... caged <among, between> four walls?

Luctisonus

Member
Turkish - Turkey/Poland
hello guys, which one is correct?: to be caged between 4 walls or among 4 walls? or is it better to say: to be caged between/among walls? i mean not to include "4" is better? thanks in advance...
 
  • panjandrum

    Lapsed Moderator
    English-Ireland (top end)
    Between walls sounds as if there are only two of them. Yesterday I was walking along a narrow path between sun-baked dry-stone walls (one wall on either side of the path).
    Among walls sounds really strange?

    Caged within has a rather literary feel to it - but that may be entirely appropriate:) Trapped inside is an alternative more prosaic version. I think you may have to say four walls - unless you can say something more about the walls, for example:
    Caged within the walls of the prison ...

    Just while on the subject of appropriate :D - please, Luctisonus, use capital letters in your posts where appropriate.
     

    Luctisonus

    Member
    Turkish - Turkey/Poland
    panjandrum said:
    Between walls sounds as if there are only two of them. Yesterday I was walking along a narrow path between sun-baked dry-stone walls (one wall on either side of the path).
    Among walls sounds really strange?

    Caged within has a rather literary feel to it - but that may be entirely appropriate:) Trapped inside is an alternative more prosaic version. I think you may have to say four walls - unless you can say something more about the walls, for example:
    Caged within the walls of the prison ...

    Just while on the subject of appropriate :D - please, Luctisonus, use capital letters in your posts where appropriate.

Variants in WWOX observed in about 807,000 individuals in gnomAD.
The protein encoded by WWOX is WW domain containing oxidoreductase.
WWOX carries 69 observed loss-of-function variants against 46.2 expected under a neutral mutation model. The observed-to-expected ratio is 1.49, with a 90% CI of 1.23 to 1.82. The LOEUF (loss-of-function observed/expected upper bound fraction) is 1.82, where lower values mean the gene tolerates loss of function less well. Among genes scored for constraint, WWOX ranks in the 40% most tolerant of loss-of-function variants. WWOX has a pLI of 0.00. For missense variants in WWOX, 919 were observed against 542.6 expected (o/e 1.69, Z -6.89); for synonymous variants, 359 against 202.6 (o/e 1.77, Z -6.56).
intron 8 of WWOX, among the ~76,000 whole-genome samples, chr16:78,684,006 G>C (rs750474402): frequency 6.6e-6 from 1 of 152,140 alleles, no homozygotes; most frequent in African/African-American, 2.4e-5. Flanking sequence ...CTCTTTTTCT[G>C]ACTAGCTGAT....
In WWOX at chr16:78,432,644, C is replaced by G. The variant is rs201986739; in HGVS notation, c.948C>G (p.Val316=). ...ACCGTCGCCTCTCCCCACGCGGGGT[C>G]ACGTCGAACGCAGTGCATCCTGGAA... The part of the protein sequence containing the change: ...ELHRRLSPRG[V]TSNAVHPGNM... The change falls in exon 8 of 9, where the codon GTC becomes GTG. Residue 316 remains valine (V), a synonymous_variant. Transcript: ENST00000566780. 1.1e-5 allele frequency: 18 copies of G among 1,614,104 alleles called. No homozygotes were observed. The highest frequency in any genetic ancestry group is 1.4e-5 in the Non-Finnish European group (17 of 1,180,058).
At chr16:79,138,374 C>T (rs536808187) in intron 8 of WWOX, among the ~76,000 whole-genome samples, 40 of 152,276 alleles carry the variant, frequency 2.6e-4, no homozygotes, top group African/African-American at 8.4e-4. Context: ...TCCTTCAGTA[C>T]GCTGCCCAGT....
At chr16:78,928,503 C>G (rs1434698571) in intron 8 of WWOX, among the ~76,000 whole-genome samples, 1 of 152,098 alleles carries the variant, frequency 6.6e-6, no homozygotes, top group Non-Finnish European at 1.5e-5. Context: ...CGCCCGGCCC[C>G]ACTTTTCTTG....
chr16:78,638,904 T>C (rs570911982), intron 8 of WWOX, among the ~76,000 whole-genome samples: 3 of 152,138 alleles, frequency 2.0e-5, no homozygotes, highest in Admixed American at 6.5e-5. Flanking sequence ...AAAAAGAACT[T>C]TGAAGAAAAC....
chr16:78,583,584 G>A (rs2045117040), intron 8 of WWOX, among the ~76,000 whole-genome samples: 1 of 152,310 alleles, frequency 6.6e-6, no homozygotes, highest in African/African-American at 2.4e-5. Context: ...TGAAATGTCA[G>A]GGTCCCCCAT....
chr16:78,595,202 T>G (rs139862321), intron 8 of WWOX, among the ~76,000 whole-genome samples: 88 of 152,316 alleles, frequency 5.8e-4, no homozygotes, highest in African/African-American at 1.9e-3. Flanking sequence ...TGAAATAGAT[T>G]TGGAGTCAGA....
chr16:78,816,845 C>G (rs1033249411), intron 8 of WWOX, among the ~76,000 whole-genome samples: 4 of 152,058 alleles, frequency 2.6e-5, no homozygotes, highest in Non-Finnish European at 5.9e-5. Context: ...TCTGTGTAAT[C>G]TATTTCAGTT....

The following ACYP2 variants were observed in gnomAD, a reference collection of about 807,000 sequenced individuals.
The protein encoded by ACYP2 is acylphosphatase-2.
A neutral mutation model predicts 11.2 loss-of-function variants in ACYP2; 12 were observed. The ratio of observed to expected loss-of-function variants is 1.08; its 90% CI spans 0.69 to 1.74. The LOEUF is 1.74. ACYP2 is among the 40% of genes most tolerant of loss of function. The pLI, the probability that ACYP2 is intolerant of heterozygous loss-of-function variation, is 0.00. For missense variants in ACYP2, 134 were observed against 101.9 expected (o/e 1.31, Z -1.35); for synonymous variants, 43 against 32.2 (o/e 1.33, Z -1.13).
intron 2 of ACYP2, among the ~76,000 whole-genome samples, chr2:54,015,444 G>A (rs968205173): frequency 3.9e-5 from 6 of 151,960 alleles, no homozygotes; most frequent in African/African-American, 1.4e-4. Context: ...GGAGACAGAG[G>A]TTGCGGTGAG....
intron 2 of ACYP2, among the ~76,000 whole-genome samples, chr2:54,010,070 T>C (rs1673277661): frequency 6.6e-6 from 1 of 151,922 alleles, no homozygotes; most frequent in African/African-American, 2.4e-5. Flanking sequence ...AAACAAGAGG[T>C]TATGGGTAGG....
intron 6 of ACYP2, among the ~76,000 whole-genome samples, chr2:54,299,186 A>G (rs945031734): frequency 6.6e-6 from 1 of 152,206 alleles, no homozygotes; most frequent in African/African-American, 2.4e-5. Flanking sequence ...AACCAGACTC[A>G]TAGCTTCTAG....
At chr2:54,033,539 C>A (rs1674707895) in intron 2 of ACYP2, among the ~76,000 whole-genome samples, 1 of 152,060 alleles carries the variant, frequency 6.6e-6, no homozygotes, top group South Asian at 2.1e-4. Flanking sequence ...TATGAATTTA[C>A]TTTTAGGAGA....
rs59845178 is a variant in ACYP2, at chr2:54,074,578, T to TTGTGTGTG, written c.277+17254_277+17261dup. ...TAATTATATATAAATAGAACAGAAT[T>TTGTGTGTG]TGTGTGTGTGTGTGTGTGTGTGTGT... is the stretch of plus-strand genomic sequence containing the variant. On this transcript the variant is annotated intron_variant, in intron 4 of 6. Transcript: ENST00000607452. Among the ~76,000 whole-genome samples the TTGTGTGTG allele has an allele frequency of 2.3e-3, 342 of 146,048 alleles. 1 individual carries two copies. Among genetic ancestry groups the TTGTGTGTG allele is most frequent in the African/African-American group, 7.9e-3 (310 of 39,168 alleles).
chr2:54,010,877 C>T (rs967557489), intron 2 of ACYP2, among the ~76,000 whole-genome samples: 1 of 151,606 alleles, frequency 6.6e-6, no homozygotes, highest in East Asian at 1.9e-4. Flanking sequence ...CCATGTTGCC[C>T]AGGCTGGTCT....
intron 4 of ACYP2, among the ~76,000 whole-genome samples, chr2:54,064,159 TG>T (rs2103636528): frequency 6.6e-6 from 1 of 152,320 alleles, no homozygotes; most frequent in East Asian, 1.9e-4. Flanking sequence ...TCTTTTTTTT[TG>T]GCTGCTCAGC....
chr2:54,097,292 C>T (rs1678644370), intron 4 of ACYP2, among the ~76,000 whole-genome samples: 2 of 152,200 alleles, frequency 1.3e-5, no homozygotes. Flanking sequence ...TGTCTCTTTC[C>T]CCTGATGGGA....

ok i will use capital letters next time if necessary :D and thanks for your comment :)
     

    maxiogee

    Banned
    English
    You cannot be "caged" by walls. I don't think any preposition is going to make a sentence which implies caging by means of walls sound natural.

    A cage is a structure of bars or wires through which light and air may move but which prohibits the movement of objects larger than the space between the bars. A wall is a solid structure which may have a door or window or other opening in it, but which otherwise prohibits the movement of almost anything.

    Immured is a good word for "walled in", and doesn't count the number of walls.
     

    maxiogee

    Banned
    English
    Does the metaphor require "walls"?

    Trapped inside his blindness, or trapped by the small-town mentality and other constructions would be quite common.

    "Trapped" implies that escape is possible, even if it might be very difficult. "Immured" would be permanent.
     

    Luctisonus

    Member
    Turkish - Turkey/Poland
    maxiogee said:
    Does the metaphor require &quot;walls&quot;?

    Trapped inside his blindness, or trapped by the small-town mentality and other constructions would be quite common.

    &quot;Trapped&quot; implies that escape is possible, even if it might be very difficult. &quot;Immured&quot; would be permanent.
    Metaphor must convey the idea that person is in a situation that he cannot go anywhere.
     
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